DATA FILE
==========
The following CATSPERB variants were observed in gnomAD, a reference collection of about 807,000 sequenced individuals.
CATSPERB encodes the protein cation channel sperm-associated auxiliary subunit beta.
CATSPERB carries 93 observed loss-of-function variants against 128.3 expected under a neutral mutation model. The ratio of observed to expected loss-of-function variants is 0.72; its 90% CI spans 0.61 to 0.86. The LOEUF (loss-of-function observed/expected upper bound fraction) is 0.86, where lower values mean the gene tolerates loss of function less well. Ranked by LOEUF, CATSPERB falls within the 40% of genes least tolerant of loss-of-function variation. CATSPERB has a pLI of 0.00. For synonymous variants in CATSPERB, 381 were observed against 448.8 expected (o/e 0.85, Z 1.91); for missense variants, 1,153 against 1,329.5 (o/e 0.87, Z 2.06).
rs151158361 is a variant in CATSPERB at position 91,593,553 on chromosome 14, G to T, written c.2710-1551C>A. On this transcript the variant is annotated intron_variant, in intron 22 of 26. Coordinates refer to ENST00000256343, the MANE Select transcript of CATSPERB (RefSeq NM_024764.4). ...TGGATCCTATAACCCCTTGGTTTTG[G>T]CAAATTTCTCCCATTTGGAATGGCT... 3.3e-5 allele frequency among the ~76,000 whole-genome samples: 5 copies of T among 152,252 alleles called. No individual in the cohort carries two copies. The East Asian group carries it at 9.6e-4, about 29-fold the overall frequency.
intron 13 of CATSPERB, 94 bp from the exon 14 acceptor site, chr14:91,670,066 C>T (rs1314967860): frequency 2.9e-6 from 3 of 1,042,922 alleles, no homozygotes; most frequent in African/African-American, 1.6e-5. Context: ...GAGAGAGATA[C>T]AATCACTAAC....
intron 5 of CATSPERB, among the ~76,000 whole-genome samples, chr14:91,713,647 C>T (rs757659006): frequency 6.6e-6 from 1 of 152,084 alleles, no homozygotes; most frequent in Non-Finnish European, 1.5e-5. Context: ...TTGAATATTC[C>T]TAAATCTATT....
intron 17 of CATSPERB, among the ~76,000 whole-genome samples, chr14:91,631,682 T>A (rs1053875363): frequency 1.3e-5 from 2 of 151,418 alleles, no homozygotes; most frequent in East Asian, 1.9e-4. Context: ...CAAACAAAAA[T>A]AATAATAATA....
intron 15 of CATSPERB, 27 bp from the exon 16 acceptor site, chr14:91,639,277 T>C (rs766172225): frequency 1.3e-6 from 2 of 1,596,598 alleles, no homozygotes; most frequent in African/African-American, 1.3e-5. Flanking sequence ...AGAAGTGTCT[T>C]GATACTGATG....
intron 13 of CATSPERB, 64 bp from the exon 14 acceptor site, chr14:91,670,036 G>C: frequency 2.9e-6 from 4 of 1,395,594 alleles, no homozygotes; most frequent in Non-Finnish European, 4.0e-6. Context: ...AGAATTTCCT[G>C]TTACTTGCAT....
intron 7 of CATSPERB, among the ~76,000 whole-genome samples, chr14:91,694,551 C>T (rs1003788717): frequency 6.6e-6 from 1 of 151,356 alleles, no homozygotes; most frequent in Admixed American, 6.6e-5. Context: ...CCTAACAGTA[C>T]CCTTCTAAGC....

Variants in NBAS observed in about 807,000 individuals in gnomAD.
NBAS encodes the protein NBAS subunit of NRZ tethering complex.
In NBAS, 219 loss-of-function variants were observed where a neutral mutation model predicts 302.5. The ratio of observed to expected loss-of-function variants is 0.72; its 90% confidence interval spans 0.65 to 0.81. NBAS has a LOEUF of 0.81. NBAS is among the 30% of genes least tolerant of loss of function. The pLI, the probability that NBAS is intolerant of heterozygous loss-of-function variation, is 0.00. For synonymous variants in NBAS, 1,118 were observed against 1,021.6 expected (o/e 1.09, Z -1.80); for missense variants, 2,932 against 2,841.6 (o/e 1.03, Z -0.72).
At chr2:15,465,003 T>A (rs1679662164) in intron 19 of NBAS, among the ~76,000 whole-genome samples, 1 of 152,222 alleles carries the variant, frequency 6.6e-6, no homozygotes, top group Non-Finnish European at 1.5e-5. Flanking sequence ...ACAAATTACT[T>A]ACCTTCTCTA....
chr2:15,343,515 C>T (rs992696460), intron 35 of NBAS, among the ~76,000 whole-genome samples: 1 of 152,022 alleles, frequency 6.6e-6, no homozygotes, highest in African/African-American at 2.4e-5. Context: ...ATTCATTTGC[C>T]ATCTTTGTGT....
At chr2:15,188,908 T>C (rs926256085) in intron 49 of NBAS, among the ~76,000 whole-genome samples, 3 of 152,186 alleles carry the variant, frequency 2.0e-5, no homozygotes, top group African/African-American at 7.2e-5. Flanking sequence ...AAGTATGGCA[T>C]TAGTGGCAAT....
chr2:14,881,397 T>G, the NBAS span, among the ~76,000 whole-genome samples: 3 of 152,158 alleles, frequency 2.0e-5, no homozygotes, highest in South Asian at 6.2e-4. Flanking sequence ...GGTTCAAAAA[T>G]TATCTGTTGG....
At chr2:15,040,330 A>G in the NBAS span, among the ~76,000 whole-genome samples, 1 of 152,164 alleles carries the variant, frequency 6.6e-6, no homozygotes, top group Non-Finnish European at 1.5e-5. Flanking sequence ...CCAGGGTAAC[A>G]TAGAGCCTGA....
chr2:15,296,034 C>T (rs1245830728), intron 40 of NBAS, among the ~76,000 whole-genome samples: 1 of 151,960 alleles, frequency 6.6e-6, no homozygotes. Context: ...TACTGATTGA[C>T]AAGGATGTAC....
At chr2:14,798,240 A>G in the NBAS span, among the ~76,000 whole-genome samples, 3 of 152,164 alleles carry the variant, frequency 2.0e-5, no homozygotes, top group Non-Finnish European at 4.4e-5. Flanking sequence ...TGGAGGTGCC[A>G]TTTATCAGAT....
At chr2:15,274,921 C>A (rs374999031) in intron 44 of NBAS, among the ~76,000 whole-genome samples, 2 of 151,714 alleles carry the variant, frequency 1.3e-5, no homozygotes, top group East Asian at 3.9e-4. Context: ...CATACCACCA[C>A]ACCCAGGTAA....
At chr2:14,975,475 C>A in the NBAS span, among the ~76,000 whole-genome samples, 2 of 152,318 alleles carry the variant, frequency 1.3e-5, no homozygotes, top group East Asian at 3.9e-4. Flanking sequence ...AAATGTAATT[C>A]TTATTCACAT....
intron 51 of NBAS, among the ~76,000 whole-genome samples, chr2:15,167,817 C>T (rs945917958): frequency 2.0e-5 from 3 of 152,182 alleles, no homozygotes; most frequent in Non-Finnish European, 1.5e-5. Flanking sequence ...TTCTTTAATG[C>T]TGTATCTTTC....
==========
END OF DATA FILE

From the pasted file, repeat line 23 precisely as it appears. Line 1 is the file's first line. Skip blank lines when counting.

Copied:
intron 51 of NBAS, among the ~76,000 whole-genome samples, chr2:15,167,817 C>T (rs945917958): frequency 2.0e-5 from 3 of 152,182 alleles, no homozygotes; most frequent in Non-Finnish European, 1.5e-5. Flanking sequence ...TTCTTTAATG[C>T]TGTATCTTTC....